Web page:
TMN Sports Movie Review: "Raging Bull"

Movie Description(Click Here To Hide)
Jake La Motta, an emotionally self-destructive boxer's journey through life, as the violence and temper that leads him to the top in the ring, destroys his life outside it.
4.5

Rating: R
Length: 129 minutes
Release Date: December 19, 1980
Directed by: Martin Scorcese
Genre: Biography / Drama / Sport

Very few directors end up making a great film, let alone more than one. Even in his elite class of directors, Martin Scorsese still stands on his own. This legendary filmmaker has spent decades somehow releasing a varied series of one amazing film after another. While there are plenty of fantastic Scorsese-directed pictures, the 1980 drama "Raging Bull" is still one of the best. Because "Raging Bull" is one Scorsese's most beloved movies, this in turn means that the dramatic biography is one of the best movies of all time. However, all potential hyperbole aside, a close look at "Raging Bull" reveals what makes this picture so special.

"Raging Bull" is a movie about boxing, in a way. However, boxing enthusiasts may be disappointed if they are interested in a film that examines the strategy, training and ring successes of a great boxer. Despite the fact that the film is based on the memoir of Jake LaMotta, a real-life boxer who was also a World Middleweight Champion, this film never seems to venture into that territory. After all, those elements are not really what interested Scorsese, or even LaMotta when he was writing his story. "Raging Bull" is more of a loose adaptation, using the book for inspiration. On the other hand, boxing plays a huge part in this movie visually, emotionally and even metaphorically.

In "Taxi Driver," Scorsese presented a lurid vision of 1970s Manhattan in muted color. A few years later, Scorsese shot most of "Raging Bull" in stark, beautifully rendered black and white. One exception to this is during a montage which cuts black and white shots of Robert De Niro as LaMotta fighting various opponents in the mid-1940s with simulated, grainy color film footage of the boxer and his family. It is rumored that Scorsese's decision to film in black and white is that this type of film ages better and with less fading. Supposedly, the lack of color also covered up certain anachronistic props such as modern boxing gloves. Most importantly, the black and white also accentuates the dark emotional forces that envelop the main character.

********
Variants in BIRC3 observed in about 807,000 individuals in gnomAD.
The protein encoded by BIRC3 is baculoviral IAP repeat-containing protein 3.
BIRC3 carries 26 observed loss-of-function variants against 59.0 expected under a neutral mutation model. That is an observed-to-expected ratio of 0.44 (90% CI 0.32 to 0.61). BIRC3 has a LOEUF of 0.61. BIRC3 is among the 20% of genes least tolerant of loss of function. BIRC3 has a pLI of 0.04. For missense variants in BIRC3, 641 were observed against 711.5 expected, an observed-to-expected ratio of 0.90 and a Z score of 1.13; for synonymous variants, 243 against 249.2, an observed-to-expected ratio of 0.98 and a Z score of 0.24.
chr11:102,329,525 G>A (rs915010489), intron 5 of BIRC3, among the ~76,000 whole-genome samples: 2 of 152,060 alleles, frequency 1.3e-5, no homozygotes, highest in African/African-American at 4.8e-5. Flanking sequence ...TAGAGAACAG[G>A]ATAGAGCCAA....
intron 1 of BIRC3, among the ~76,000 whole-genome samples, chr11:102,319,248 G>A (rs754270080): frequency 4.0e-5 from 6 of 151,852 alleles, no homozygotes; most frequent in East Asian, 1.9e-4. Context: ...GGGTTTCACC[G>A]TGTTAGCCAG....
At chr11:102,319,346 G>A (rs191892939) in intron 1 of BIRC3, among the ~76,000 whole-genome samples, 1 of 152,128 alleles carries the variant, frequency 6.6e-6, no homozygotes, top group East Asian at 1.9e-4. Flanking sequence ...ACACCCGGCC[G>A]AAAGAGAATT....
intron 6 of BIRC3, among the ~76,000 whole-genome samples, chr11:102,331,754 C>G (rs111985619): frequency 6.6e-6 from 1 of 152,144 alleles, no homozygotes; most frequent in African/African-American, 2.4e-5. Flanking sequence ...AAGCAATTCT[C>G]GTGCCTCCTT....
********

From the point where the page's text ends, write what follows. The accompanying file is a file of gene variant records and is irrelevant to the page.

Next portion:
Like in "Taxi Driver," "Raging Bull" deals largely with violence. There is a lot of sanctioned violence in LaMotta's life, but there is also the violent streak that he takes out on his family and others due to jealousy and insecurity. The story of the film is framed by a seemingly innocuous scene in which a retired LaMotta is getting ready to deliver a stand-up comedy routine. As the story cuts to a much younger LaMotta in 1941, the drama begins to unfold slowly yet magnificently.

It is not long before the audience sees young Jake fighting in the ring followed by the young boxer being violent with his first wife. Disturbingly, this abusiveness continues after he marries second wife Vicki, played by Cathy Moriarty. These episodes are spurned by paranoid jealousy. During the aforementioned montage sequence, the couple seems fairly happy on the surface, but Jake shows clear signs of possessiveness and fear. He also attacks his own brother Joey, portrayed by Joe Pesci in a breakthrough role, because of a vague suspicion.

The boxing scenes throughout are realistically brutal, especially during a pivotal fight with Sugar Ray Leonard. De Niro reportedly took the Method approach of actually training as a boxer, by some accounts becoming quite skilled. The sound and editing throughout is astonishing, and editor Thelma Schoonmaker won an Academy Award for her work in this great biography.

This film is unflinching both in and out of the ring, and the issues that plague Jake result in many of his worst fears coming true. De Niro also won an Oscar for "Raging Bull," and rightfully so. There are few other actors who could bring the same sheer pathos and degree of power that make the character work so brilliantly.

Even with movie-ready elements like organized crime connections, jail time and historic sporting events, the thing that carries "Raging Bull" so far into the minds of viewers is the disturbing, emotive heart of the story. As the story goes back towards LaMotta's post-boxing career as an entertainer, the weight of this classic really sinks in.

While cast and crew members like Robert De Niro, Joe Pesci and Martin Scorsese all went on to do much more brilliant work, "Raging Bull" still stands as a cornerstone achievement in the careers of all involved. Even for Scorsese, this is an intense and unsettling movie. However, it is an undeniably important film as well.